Saturday, September 12, 2009 starting at 7 p.m.
Paintings and Drawings
Avenue 50 Studio is proud to present the paintings and drawings of San Antonio artist Alex Rubio. Rubio’s work speaks of the Latino experience in a fiery fantastical world. His palate of bright colors, reflective of the San Antonio sun, explodes onto the canvas in swirling and undulating waves, as if each stroke transmits energy vibrating around and within the body. No stasis here. Rubio’s large-scale black and white drawings reflect that same intensity -- sans color.
Coming from a background as a street artist, San Antonio artist Alex Rubio, nicknamed "El Diablito," began his career as a young muralist working in a housing project. Since the beginning, he developed his talent by serving his community as an instructor for youth creating graffiti-influenced murals on the walls of his city. He is a mentor to aspiring and developing artists, some of who have already achieved national recognition. Rubio taught in an after-school high school arts program, was an art instructor at the Guadalupe Cultural Arts Center, and became the artist in residence for the Inmate Creative Arts Program at Bexar County Jail. He works with the inmates on murals, handkerchiefs, and other traditional forms of inmate art. He has also curated exhibits of their work and has included some with exhibits of his own work. He is a living legend and a hero to the city of San Antonio because of what he gives back to his people.
True to the nature of Chicano mural art, his work retains a tinge of the political. Using an urban contemporary aesthetic, Alex Rubio depicts primarily his Chicano neighborhood and roots, while also speaking to an issue very close to his community -- the issue of war. Informed by experiences working with youth through mural projects, Rubio’s images project a deeply informed and panoramic aesthetic. These large-scale oil and acrylic paintings are built-up with hotly-hued lines wrapped in layers that generate energy and soul.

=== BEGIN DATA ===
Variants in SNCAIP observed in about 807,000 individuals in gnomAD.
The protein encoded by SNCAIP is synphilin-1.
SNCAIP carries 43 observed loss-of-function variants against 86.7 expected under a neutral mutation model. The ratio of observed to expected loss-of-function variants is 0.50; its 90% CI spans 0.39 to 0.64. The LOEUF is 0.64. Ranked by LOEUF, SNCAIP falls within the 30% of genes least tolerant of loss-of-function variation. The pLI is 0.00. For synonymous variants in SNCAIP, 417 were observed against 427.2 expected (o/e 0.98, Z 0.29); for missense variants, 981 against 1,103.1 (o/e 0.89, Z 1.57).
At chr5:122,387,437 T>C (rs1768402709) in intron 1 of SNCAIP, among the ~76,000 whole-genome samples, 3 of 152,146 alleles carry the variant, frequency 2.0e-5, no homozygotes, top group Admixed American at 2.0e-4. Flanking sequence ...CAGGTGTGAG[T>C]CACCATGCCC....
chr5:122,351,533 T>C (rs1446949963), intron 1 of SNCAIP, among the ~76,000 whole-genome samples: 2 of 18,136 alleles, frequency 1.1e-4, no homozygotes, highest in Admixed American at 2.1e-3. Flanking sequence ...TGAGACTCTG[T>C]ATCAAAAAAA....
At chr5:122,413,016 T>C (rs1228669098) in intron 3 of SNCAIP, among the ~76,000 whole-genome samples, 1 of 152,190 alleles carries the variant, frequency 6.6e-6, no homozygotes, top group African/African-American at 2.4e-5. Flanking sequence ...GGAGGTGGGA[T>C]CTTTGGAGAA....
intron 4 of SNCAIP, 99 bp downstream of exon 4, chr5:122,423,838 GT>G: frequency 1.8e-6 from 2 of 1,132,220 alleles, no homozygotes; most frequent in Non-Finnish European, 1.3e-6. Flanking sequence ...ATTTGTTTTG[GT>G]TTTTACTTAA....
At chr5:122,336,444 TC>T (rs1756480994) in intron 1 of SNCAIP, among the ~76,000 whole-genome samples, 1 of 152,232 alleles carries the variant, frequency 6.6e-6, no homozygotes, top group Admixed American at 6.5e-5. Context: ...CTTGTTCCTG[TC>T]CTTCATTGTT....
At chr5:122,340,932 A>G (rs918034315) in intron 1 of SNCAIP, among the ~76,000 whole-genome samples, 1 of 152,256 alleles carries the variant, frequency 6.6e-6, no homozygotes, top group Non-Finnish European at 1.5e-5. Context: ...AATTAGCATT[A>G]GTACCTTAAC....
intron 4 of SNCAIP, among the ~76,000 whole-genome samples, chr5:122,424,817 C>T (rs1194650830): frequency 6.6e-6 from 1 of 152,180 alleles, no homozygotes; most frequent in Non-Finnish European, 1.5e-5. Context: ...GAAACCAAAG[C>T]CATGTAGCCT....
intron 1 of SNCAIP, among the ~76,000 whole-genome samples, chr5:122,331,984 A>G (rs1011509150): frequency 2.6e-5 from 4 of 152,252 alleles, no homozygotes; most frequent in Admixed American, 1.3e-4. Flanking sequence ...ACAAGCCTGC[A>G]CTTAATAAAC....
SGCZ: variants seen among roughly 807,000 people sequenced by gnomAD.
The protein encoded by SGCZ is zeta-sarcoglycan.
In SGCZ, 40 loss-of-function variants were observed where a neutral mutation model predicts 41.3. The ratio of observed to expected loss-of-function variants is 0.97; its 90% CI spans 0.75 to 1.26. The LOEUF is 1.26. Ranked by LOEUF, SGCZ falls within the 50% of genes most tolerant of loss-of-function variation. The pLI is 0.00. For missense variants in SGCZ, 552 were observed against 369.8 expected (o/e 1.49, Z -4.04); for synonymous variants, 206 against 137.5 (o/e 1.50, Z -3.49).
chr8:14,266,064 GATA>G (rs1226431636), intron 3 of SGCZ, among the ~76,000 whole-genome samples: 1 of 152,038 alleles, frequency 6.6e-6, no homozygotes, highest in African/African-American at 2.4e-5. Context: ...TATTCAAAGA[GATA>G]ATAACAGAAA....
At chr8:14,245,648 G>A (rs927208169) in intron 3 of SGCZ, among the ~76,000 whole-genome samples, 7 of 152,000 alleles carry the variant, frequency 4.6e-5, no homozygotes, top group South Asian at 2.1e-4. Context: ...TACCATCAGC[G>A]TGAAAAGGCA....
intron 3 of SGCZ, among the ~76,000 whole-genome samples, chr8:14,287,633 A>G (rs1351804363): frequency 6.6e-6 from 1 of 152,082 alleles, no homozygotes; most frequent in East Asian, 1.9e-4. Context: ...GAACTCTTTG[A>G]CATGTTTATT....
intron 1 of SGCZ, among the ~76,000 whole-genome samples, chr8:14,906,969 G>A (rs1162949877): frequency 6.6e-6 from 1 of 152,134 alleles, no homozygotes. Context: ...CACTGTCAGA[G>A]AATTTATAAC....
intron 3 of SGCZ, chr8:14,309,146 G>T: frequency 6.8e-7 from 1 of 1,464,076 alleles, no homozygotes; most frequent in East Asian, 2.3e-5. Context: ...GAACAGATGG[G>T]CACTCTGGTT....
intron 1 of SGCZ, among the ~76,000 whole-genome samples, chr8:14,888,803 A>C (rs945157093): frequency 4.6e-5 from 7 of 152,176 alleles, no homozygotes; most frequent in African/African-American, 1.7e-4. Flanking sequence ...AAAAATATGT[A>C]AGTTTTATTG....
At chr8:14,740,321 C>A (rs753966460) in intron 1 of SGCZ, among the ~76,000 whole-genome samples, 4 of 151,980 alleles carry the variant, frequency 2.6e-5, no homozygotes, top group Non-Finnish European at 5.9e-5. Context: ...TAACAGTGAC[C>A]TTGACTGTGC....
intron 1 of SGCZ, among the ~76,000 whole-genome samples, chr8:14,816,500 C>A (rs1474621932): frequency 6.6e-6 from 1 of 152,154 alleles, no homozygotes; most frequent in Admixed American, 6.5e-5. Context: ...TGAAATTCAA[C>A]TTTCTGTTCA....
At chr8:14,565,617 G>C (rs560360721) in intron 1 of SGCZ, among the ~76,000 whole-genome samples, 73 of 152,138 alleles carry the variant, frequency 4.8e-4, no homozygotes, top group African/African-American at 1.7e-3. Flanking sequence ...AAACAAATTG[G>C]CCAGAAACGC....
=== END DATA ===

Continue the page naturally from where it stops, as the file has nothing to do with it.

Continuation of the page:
Rubio is a very important contributor to the Chicano Art Movement. His work has been included in Four Horsemen, McNay Art Museum, San Antonio, TX (2006); Contemporary Wall Painting, UTSA Art Gallery, TX (2005); Arte Caliente: Selections from the Joe A. Diaz Collection, South Texas Institute for the Arts, Corpus Christi, TX (2004); and Chicano Visions: Painters on the Verge, Cheech Marin Collection, San Antonio Museum of Art, TX (traveling exhibition) (2001). In 2007, Alex received the prestigious Joan Mitchell Foundation award for painters and sculptors.
Rubio studied at San Antonio Art Institute; and on a fine arts scholarship, at the University of Texas, San Antonio. Later he studied printmaking with Sam Coronado . He has exhibited throughout the southwestern United States, as well as New York and Puerto Rico.
Coronado Studio opened in 1991 out of Sam Coronado’s personal art studio. A trip to Self-Help Graphics, a community art center in Los Angeles, inspired Coronado to transform his studio into a printmaking studio devoted to serigraph (silk screen). Hoping to attract more artists, and especially Latina/o artists, to the medium, Coronado founded the Serie Project. In its ten-year history, over 150 artists have come through the Coronado Studio to create original prints.
September 12 through October 4, 2009